Guilt and anger
Don’t do this
Of course, we all have the occasional unpleasant conference. It comes with the territory. When a parent is angry with you from the beginning, and you haven’t done anything to justify it, you can bet it is for one of two reasons. The most likely is that the child is doing poorly in your class and is trying to cushion the shock of a low grade by softening his parents with complaints about you. “My teacher is too hard, everybody flunks, he doesn’t explain things properly, none of it makes sense, his tests are unfair, he doesn’t like me.” The list is endless. Most parents will see through excuses, but there are always the few who won’t. They come storming into your room demanding satisfaction for the injustices suffered by their middle schooler.
The other reason is a sort of misplaced anger. As mentioned before, in our society, large numbers of parents simply don’t have the time to be with their kids or are unable to provide the home environment they know children need and deserve. Subconsciously, they know the child’s problems began in the home; but to avoid the feelings of guilt, they blame the teacher and the school.
Whatever the reason for the hostility, there is only one way to deal with it. You must be completely professional. Your position must always be to find a way to do what is right for the child. If academic performance or misbehavior is the problem, then you search, with the parent, for a way to correct it. Defensive ranting and raving is unprofessional and only prolongs the agony. The issue must constantly be the child’s welfare, and you must repeatedly bring the discussion back to that. If you are accused of not liking Marty, then simply say how sorry you are that he feels that way and ask what you might both do to change that perception. If dad says you are too hard, ask what you can both do to help Marty understand the material better.
If this sounds a little like swallowing your pride, well, it is. We must come back to the central point. The professional thing to do is what is right for the child. Defeating the parent is irrelevant. Also, remember that defending yourself implies that you’ve done something requiring a defense.
Finally, we must admit that there are times when the child and parent have every right to be angry. There is simply no way you can deal with 150 kids, making hundreds of black and white decisions every day, without making some mistakes. The very first moment your error becomes apparent, you must apologize. How many times have we seen political figures make mistakes and then try to cover them up? It just doesn’t work. The longer you deny it, the more difficult it becomes to extricate yourself. Your pride becomes involved, and you are caught in an increasingly embarrassing struggle to defend a deteriorating position.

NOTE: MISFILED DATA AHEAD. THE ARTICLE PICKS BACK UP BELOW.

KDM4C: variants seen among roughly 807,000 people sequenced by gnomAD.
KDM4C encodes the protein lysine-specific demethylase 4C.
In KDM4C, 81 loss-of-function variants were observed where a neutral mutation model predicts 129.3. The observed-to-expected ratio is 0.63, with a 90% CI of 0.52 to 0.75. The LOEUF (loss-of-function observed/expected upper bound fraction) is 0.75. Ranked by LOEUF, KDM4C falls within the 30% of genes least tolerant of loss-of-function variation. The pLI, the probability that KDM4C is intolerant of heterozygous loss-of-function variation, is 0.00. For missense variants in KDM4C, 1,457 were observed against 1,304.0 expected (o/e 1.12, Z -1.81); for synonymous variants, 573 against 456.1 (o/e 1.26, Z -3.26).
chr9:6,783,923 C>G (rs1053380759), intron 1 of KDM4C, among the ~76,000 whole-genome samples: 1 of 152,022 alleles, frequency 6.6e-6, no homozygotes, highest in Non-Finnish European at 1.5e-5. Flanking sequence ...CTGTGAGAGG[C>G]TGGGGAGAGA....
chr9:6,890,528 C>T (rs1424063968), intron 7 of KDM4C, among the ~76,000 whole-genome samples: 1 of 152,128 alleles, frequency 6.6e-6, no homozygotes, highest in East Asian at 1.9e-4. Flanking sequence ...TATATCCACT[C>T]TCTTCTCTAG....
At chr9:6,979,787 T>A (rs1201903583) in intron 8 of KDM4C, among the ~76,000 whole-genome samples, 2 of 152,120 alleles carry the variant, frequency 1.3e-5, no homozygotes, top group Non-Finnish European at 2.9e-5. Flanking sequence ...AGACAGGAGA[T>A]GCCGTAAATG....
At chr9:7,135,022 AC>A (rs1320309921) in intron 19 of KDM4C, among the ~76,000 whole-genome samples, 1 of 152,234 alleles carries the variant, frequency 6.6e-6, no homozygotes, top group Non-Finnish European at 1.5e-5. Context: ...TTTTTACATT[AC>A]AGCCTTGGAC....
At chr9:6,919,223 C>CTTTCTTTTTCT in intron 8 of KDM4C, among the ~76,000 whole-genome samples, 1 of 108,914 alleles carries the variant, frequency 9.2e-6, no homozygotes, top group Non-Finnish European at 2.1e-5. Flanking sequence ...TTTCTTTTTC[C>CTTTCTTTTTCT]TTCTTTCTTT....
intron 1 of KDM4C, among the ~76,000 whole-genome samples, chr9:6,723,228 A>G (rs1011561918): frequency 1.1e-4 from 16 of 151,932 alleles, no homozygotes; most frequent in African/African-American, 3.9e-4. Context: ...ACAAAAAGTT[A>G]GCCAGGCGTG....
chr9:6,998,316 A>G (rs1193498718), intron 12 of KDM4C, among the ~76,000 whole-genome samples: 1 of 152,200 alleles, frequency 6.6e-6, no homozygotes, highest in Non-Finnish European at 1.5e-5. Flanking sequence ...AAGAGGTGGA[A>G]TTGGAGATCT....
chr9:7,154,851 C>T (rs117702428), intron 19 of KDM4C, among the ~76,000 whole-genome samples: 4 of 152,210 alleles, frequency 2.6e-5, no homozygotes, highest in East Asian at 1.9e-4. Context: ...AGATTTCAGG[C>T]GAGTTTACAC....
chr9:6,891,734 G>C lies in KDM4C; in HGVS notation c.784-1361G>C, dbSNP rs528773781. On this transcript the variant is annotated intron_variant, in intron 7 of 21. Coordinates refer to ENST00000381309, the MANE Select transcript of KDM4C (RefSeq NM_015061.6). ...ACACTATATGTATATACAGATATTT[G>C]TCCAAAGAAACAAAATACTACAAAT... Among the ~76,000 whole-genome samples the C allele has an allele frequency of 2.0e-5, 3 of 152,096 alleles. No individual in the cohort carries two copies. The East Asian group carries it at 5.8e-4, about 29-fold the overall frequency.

Sometimes, an immediate acknowledgment of the error, followed by a sincere apology, is what’s called for. It may also be appropriate to discuss with the parent a plan to undo the damage that was done. If the parent continues to rail about it after all that, then he looks foolish.
1. Whether the conference was called by you or the parent, plan the points you want to cover beforehand.
2. If appropriate, you should have samples of the student’s work available.
3. Also, you should know if he is enrolled in special programs or has health problems which would affect his work. You will look very foolish if, for example, you comment on his frequent energy swings only to be told by the parent that he is a diabetic and that the school was informed. Finally, if he has taken standardized tests, you should know the results even if you don’t intend to share them with the parent. The test scores might give you more insight into his behavior and performance. Poor grades could be the result of low ability or lack of motivation or outside distractions. Standardized test scores might lead you to a correct conclusion long before you would be able to judge it for yourself.
4. Try to anticipate a parent’s questions so that you will have already formulated an answer. Typical questions are:
“Is Andy distracted by other students?”
“Does Carla talk too much or act up in class?”
“Do you think Cody has trouble understanding what’s going on in class?”
“How has Laura’s homework been?”
“Should Richard come in after school for extra help?”
“Is Gary’s grade affected more by his homework or his tests?”
5. Create an atmosphere where the parent will feel you are both on the same side. Begin the conference on a friendly, positive note. Try to be encouraging even when making negative comments. For example, “Mary is so creative that I’m sure she could do much better if she would only spend more time on her homework.”
6. Be a good listener. The conference should be a conversation, not a monologue.
7. If problems were discussed, you should conclude the conference with a plan for action that includes the parent.
A List of Don’ts
1. While it is perfectly reasonable to compare the child’s academic performance with others in general, don’t compare individual students.
2. Don’t betray the confidentiality of any information you learn during a conference.
3. Don’t make derogatory remarks about other teachers, the administration or the school.
4. Don’t argue with a parent or take a defensive posture. Instead, try to focus on positive changes you can both make for the child’s benefit.
Go to “How to Run a Study Hall“